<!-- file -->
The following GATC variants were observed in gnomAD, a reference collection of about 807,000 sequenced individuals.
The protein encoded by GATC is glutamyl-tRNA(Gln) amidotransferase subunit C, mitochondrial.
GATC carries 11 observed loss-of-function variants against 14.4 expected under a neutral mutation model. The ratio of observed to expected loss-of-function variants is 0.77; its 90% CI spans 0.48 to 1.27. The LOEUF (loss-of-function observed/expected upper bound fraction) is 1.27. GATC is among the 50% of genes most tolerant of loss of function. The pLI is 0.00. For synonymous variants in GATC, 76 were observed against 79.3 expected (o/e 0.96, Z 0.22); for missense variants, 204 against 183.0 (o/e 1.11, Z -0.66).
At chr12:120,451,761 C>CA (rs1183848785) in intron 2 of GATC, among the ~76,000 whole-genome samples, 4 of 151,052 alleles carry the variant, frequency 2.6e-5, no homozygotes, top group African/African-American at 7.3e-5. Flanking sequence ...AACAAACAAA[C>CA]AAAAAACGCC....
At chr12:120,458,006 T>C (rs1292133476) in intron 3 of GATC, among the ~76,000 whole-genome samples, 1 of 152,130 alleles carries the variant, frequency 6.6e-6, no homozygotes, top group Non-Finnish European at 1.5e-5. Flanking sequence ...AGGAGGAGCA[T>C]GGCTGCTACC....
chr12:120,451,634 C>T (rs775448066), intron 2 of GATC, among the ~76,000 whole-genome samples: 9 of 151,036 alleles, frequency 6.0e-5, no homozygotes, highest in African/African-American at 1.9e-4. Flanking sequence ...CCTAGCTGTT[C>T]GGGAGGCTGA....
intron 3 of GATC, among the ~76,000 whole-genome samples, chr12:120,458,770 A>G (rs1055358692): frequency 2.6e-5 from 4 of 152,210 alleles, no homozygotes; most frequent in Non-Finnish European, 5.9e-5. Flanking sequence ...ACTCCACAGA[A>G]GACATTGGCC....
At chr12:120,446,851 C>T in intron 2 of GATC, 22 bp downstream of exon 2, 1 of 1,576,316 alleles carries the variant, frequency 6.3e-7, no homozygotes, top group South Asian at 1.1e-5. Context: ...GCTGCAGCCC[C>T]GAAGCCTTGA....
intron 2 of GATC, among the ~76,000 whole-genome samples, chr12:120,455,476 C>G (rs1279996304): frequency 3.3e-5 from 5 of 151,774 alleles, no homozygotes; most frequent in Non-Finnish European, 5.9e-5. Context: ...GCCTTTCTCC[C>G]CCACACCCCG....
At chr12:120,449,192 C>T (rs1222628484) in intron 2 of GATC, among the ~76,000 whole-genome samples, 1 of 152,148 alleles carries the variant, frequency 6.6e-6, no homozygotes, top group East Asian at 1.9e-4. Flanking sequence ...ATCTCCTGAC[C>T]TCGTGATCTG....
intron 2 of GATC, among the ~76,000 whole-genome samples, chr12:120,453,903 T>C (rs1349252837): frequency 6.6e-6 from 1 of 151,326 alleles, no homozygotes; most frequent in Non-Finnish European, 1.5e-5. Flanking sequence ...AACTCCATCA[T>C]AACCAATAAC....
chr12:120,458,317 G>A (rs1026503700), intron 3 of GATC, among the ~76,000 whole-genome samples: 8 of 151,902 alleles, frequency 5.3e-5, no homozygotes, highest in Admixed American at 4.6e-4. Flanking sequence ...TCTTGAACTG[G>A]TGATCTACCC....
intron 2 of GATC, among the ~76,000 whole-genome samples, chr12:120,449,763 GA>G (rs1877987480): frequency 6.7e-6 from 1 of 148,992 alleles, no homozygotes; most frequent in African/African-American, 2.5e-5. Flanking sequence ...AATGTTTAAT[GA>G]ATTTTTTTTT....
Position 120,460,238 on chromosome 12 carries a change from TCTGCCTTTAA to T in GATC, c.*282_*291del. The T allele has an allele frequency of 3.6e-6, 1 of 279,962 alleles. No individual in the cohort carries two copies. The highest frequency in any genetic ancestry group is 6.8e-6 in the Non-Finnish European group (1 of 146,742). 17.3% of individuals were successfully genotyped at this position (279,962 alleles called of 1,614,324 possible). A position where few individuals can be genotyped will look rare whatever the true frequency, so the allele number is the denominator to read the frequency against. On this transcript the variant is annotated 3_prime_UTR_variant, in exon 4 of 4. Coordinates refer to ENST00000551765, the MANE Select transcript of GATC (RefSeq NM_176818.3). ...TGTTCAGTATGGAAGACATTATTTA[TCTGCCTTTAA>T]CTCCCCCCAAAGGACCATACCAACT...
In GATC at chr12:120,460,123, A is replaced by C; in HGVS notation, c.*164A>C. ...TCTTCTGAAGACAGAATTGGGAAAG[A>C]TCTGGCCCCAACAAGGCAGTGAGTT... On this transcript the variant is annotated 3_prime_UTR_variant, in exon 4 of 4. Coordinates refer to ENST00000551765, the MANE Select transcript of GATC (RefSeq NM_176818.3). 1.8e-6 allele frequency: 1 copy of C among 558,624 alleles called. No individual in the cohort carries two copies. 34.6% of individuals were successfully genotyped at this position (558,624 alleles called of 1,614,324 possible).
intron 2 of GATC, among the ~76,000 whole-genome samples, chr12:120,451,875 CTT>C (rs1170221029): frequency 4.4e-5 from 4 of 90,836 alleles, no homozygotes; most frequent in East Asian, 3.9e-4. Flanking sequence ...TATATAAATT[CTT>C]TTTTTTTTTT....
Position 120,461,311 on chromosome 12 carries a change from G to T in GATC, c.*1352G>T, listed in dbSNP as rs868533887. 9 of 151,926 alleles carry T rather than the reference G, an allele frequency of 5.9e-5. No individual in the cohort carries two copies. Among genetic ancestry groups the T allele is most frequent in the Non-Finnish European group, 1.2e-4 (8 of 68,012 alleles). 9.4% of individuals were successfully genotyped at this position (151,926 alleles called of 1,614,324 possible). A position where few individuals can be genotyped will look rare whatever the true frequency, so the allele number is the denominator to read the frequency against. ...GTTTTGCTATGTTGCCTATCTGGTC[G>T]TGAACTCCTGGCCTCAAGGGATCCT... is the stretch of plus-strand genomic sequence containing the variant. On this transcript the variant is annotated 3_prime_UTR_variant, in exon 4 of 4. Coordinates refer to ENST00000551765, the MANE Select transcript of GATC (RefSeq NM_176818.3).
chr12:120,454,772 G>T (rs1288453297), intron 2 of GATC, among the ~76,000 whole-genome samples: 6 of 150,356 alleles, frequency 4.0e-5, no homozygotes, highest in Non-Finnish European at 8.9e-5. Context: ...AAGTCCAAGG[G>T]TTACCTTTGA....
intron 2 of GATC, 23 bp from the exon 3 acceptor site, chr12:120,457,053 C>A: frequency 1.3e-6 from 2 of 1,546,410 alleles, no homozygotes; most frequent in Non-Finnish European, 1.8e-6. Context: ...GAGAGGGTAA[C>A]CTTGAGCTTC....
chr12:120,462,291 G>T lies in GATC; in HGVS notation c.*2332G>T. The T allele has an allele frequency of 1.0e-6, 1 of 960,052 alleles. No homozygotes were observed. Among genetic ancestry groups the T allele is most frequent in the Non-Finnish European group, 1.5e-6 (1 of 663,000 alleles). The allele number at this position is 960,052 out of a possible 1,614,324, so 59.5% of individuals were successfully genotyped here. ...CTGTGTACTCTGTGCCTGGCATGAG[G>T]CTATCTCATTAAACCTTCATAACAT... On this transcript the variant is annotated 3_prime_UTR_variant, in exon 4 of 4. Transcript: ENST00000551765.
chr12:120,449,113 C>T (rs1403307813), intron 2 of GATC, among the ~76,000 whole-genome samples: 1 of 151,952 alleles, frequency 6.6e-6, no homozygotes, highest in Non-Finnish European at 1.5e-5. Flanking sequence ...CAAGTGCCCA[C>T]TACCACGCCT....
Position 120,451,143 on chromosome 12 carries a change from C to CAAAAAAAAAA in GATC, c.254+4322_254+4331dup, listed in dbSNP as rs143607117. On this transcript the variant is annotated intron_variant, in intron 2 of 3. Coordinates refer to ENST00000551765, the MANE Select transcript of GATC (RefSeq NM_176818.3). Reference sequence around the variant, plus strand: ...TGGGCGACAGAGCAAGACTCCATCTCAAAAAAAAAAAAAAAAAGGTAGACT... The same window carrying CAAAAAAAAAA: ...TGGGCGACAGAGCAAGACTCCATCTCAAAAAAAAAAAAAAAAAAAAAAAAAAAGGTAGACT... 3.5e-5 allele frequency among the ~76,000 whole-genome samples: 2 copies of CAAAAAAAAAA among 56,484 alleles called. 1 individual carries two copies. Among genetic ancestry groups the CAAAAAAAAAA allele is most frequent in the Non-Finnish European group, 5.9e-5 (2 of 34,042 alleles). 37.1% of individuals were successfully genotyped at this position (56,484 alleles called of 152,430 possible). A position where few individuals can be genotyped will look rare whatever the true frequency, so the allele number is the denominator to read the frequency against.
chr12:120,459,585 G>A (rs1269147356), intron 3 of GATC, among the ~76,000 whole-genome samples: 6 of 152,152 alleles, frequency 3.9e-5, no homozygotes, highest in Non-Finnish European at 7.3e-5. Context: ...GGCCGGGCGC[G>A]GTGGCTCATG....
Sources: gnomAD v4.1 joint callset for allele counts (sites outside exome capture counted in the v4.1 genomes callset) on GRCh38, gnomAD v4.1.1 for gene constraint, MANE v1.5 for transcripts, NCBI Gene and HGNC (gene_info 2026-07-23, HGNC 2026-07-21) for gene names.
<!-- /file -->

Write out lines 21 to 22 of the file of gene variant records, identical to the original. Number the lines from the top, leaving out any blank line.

chr12:120,449,113 C>T (rs1403307813), intron 2 of GATC, among the ~76,000 whole-genome samples: 1 of 151,952 alleles, frequency 6.6e-6, no homozygotes, highest in Non-Finnish European at 1.5e-5. Flanking sequence ...CAAGTGCCCA[C>T]TACCACGCCT....
Position 120,451,143 on chromosome 12 carries a change from C to CAAAAAAAAAA in GATC, c.254+4322_254+4331dup, listed in dbSNP as rs143607117. On this transcript the variant is annotated intron_variant, in intron 2 of 3. Coordinates refer to ENST00000551765, the MANE Select transcript of GATC (RefSeq NM_176818.3). Reference sequence around the variant, plus strand: ...TGGGCGACAGAGCAAGACTCCATCTCAAAAAAAAAAAAAAAAAGGTAGACT... The same window carrying CAAAAAAAAAA: ...TGGGCGACAGAGCAAGACTCCATCTCAAAAAAAAAAAAAAAAAAAAAAAAAAAGGTAGACT... 3.5e-5 allele frequency among the ~76,000 whole-genome samples: 2 copies of CAAAAAAAAAA among 56,484 alleles called. 1 individual carries two copies. Among genetic ancestry groups the CAAAAAAAAAA allele is most frequent in the Non-Finnish European group, 5.9e-5 (2 of 34,042 alleles). 37.1% of individuals were successfully genotyped at this position (56,484 alleles called of 152,430 possible). A position where few individuals can be genotyped will look rare whatever the true frequency, so the allele number is the denominator to read the frequency against.